Frederick as King.

Domestic rule

Frederick's most important domestic reform was the abolition in 1702 of the so-called vornedskab, a kind of serfdom which had fallen on the peasants of Zealand in the Late Middle Ages. His efforts were largely in vain because of the introduction of adscription in 1733.

After the war, trade and culture flowered. The first Danish theatre, Lille Grönnegade, was created and the great dramatist Ludvig Holberg began his career. Also, a colonisation of Greenland was started by the missionary Hans Egede. Politically this period was marked by the king's connection to the Reventlows, the Holsteiner relatives of his last queen, and by his growing suspicion toward the old nobility.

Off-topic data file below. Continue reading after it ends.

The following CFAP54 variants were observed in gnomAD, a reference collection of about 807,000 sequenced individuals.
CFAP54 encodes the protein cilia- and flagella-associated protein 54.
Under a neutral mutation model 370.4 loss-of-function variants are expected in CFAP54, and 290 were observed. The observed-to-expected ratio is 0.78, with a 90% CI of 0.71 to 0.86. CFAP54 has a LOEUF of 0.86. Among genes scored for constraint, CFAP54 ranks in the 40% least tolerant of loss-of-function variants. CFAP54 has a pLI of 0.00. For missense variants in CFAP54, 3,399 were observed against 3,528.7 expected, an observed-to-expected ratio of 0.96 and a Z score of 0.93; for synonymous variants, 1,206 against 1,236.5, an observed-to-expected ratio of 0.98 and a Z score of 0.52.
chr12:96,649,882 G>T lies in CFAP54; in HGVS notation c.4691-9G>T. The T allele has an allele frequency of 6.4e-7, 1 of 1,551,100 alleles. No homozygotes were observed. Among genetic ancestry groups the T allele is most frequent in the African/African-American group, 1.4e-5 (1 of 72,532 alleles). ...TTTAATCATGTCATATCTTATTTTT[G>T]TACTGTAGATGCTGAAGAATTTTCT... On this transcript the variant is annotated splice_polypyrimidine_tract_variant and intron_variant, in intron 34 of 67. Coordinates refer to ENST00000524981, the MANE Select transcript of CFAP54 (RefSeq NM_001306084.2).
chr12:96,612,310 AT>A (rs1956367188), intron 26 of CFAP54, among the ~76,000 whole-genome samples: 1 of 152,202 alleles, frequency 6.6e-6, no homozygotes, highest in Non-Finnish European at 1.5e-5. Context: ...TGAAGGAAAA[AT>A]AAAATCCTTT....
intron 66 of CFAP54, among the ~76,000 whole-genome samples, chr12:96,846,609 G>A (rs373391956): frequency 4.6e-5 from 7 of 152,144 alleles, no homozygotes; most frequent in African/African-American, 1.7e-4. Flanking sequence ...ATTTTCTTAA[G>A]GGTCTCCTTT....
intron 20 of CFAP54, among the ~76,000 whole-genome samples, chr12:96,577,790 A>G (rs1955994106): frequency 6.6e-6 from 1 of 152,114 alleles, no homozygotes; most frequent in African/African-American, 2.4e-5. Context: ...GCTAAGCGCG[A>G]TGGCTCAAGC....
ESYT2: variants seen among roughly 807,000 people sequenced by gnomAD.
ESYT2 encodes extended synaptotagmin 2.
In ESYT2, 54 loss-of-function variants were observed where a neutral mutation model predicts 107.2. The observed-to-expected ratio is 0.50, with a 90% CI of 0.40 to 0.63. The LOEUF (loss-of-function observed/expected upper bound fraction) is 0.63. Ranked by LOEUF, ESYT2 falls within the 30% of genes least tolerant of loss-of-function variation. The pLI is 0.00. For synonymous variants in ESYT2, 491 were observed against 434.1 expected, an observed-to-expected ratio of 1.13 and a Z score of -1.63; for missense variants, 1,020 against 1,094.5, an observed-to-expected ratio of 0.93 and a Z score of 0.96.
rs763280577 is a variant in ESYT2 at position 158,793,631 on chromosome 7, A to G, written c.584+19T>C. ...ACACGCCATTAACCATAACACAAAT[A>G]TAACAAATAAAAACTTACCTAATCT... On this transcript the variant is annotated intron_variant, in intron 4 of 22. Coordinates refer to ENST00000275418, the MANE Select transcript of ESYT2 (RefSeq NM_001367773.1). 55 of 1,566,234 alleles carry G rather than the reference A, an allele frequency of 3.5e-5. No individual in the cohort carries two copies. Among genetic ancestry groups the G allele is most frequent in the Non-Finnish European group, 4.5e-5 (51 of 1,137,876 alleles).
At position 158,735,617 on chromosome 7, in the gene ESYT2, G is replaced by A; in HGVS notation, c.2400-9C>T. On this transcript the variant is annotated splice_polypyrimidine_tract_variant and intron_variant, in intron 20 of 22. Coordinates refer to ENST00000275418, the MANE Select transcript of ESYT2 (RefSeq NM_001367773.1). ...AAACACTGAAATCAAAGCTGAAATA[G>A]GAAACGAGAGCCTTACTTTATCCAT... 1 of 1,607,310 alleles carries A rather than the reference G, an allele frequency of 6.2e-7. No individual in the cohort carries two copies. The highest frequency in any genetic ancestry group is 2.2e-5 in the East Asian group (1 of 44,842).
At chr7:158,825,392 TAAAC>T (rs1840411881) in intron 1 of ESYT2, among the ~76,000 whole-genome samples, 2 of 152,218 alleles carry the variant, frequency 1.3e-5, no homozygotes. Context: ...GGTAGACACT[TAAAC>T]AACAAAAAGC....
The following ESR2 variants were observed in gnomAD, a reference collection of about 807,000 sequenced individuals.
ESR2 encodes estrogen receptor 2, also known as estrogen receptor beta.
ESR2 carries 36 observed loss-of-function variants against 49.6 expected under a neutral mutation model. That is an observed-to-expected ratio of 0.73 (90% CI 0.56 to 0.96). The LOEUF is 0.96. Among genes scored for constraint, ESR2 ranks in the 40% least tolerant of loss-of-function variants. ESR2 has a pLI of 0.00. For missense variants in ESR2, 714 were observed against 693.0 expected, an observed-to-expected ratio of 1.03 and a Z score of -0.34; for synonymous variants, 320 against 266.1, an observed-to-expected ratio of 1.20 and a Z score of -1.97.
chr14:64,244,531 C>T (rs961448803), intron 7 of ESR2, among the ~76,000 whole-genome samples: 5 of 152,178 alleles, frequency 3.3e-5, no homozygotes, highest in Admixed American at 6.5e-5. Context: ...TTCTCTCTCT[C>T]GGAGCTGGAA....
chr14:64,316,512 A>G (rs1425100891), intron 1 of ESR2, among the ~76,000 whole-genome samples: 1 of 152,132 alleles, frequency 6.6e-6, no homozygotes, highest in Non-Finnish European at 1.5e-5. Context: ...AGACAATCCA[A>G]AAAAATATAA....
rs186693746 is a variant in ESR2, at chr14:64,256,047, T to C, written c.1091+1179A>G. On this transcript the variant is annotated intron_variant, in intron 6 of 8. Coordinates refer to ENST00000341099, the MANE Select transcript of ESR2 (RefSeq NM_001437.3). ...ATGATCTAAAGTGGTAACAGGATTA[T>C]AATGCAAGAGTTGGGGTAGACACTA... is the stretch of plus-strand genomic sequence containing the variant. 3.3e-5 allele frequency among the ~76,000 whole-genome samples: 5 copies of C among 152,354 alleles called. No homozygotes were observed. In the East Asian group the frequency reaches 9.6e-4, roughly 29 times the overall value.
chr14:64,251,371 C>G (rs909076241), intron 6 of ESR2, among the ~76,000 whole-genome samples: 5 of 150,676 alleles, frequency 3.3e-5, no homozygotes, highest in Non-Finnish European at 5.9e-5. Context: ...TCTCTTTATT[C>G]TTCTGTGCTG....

During Frederick's rule Copenhagen was struck by two disasters: the plague of 1711, and the great fire of October 1728, which destroyed most of the medieval capital. Although the king had been persuaded by Ole Rømer to introduce the Gregorian calendar in Denmark-Norway in 1700, the astronomer's observations and calculations were among the treasures lost to the fire.

Frederik IV, having twice visited Italy, had two pleasure palaces built in the Italian baroque style: Frederiksberg Palace that was extended during his reign, when it was converted into a three-storey H-shaped building, and was completed in 1709 by Johan Conrad Ernst, giving the palace a true Italian Baroque appearance.[2] and Fredensborg Palace (Peace's Palace), both considered monuments to the conclusion of the Great Northern War.

He maintained weekly audiences where anyone could attend and deliver letters with complaints or projects.

Italian journey

Regatta on the Grand Canal in Honor of Frederick IV, King of Denmark by Luca Carlevarijs.